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The obvious question raised by this month-long, eye-opening retrospective of films by Mexican women directors every Thursday night throughout October at the Dobie Theatre is: Why don't we know more about these talented women filmmakers? But that only begs the larger question: Why don't we know more about Mexican filmmaking - period? Why is that? If Mexico's were an anemic cinema with an erratic output, that would be one thing, but the history of Mexican cinema celebrates its centennial next year. And for much of this century, Mexico has been the leading producer of Spanish-language films in the world.

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The obvious question raised by this month-long, eye-opening retrospective of films by Mexican women directors every Thursday night throughout October at the Dobie Theatre is: Why don't we know more about these talented women filmmakers? But that only begs the larger question: Why don't we know more about Mexican filmmaking - period?

Why is that? If Mexico's were an anemic cinema with an erratic output, that would be one thing, but the history of Mexican cinema celebrates its centennial next year. And for much of this century, Mexico has been the leading producer of Spanish-language films in the world. During the s and into the '50s, the output of the Mexican film industry numbered over films per year.

If its filmmaking was unoriginal and uninspired, there would be little reason for the Mexican cinema to be known or appreciated, despite its wide circulation. But anyone familiar with this national industry knows that Mexico's cinematic tradition encompasses a rich treasury of films made by world-class filmmakers of whom Alfonso Arau Like Water for Chocolate is only the most recent example.

Naturally, most Mexican-Americans of my parents' generation knew Mexican cinema intimately and follow it passionately they would have made a perfect score on the above Mexican film quiz. But apart from them, how could it be that most American moviegoers - even the rabid ones - know more about Japanese, Italian, and Swedish film than about the national cinema of our next-door neighbor?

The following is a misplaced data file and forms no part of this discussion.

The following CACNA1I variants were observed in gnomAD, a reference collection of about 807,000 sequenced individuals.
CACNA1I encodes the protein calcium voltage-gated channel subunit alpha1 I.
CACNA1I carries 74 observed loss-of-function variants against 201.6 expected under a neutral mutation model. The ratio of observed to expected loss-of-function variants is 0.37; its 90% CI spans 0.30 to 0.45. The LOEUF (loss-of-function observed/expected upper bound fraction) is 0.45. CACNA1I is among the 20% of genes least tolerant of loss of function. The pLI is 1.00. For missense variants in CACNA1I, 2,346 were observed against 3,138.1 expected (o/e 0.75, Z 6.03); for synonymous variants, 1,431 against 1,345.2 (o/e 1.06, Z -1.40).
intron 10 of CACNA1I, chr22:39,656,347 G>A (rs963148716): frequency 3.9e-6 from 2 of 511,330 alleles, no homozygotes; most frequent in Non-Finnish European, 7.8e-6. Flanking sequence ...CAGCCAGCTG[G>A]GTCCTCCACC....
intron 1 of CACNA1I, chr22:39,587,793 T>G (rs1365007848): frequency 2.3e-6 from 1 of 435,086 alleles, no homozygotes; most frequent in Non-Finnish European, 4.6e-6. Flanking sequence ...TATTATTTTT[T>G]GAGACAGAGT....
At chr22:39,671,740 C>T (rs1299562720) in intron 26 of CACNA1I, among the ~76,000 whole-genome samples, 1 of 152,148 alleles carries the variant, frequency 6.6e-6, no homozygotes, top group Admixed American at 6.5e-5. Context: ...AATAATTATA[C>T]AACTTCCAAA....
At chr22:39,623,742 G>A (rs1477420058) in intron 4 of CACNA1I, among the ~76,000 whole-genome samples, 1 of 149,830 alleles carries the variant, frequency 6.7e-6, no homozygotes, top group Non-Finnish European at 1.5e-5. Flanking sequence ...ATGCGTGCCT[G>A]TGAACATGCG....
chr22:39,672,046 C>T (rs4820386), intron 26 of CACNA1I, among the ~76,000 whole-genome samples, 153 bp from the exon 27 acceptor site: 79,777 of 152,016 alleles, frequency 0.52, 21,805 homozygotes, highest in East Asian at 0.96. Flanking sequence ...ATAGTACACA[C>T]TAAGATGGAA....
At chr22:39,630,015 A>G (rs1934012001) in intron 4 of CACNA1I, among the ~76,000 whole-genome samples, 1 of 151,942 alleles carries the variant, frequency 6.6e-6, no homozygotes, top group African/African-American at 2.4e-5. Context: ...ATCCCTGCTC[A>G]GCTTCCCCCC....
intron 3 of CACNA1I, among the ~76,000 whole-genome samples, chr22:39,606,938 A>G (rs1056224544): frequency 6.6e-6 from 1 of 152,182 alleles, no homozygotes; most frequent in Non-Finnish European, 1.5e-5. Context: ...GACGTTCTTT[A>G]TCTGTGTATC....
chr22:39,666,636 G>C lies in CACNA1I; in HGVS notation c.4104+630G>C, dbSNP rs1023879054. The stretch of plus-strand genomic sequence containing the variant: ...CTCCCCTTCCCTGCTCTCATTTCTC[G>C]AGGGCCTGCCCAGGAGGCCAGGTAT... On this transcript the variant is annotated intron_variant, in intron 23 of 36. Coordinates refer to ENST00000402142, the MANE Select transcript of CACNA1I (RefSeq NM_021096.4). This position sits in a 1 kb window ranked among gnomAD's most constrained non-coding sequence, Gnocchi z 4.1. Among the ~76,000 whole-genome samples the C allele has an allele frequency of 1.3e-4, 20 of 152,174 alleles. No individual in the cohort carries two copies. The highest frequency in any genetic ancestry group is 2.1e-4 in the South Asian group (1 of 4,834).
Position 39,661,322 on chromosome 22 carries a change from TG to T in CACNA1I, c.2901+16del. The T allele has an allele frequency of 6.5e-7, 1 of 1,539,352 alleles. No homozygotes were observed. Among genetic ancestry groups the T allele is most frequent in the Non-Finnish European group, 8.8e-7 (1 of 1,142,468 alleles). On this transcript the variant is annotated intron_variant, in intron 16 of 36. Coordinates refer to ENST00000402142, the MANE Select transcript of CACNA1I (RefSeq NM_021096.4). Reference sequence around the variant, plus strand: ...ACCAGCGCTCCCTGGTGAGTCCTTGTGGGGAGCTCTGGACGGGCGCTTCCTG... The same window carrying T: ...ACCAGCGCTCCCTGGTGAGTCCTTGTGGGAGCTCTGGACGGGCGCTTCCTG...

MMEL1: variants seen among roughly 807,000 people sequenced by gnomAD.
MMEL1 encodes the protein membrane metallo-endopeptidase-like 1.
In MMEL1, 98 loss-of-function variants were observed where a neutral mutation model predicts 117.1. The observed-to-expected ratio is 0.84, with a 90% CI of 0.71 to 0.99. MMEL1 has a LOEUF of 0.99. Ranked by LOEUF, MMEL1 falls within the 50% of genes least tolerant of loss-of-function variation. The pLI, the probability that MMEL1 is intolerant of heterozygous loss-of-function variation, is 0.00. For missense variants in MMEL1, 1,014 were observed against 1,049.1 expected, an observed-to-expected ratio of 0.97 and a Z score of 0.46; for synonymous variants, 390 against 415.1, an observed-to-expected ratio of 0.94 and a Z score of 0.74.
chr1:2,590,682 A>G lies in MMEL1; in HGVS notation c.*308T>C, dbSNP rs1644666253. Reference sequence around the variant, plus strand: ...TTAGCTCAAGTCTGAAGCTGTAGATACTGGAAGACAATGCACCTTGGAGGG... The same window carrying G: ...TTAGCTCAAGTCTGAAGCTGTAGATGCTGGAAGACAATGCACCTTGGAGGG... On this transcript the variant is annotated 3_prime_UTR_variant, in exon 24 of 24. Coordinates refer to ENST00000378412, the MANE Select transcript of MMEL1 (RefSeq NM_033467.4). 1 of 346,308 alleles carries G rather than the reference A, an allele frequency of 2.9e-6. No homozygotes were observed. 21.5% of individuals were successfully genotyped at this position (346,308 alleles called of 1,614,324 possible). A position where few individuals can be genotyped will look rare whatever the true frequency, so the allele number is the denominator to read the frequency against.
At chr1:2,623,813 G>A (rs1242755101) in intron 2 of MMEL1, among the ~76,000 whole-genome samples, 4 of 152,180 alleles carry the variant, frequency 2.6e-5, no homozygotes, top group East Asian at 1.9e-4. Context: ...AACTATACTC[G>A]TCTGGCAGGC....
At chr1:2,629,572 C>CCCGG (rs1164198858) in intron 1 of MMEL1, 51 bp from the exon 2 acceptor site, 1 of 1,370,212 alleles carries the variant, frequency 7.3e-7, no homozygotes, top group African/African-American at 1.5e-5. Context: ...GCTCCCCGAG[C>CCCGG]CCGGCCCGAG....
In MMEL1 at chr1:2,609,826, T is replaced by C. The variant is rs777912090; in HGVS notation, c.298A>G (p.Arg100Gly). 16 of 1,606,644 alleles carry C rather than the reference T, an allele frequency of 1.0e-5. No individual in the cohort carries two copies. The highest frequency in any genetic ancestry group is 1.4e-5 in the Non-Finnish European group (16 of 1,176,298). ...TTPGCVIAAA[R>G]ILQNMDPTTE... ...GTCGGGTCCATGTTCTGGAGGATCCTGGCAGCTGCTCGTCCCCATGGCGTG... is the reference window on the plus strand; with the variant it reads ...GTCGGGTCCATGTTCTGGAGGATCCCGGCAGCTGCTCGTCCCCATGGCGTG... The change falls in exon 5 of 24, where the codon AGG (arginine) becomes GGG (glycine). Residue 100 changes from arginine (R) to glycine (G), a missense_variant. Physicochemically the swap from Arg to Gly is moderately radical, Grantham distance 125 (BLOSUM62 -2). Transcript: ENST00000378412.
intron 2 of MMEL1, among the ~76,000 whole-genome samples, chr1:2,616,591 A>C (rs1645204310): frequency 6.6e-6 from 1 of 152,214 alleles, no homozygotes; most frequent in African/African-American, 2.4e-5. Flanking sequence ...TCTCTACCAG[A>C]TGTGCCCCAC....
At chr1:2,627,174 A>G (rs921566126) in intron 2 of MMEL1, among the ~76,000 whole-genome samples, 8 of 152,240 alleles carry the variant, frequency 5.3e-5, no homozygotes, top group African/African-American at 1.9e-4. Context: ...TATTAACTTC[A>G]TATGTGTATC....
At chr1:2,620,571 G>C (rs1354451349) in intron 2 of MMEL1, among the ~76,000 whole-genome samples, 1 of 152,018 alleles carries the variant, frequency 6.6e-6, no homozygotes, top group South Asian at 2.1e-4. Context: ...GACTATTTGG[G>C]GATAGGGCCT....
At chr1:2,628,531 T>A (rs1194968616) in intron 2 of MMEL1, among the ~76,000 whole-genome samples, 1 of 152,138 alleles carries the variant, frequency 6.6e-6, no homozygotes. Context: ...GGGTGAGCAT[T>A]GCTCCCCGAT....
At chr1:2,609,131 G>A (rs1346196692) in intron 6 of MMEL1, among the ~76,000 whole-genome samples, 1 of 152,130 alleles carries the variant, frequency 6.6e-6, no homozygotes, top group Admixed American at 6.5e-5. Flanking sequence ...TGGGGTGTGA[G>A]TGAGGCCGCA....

If you will allow me a brief, three-paragraph rant on the subject, the answer is, in two words, ethnocentrism and Eurocentrism. To begin with, we Americans like our movie entertainment home-grown. By and large, foreign films are shunned.

This is an easy out - no subtitles to read, no awkward dubbing to contend with. If, however, there manages to be a popular foreign most likely Western European film with a marketable story line, then Hollywood does for Hollywood the next most sensible thing: It produces a remake which corrects the film's major flaw - the fact that none of the actors speak their lines in English.

There is one more way for a foreign film to gain attention in this country, and that is to garner solid critical approval. But for that to happen, the film must be anointed by media critics who are based in New York and Los Angeles and have little or no exposure to Mexican cinema. Thanks, I feel better now.

To answer my original question, the reason we don't know Mexican women filmmakers is because we don't know Mexican film. The series receives its name from the title of pioneering actor-director Adela Sequeyro's film, Nobody's Woman , which opens the series Oct. Interestingly, that title can be understood in two ways. First, "nobody's woman" could refer, at best, to an unattached woman, at worst, to a woman alone in the world, an orphan or outcast.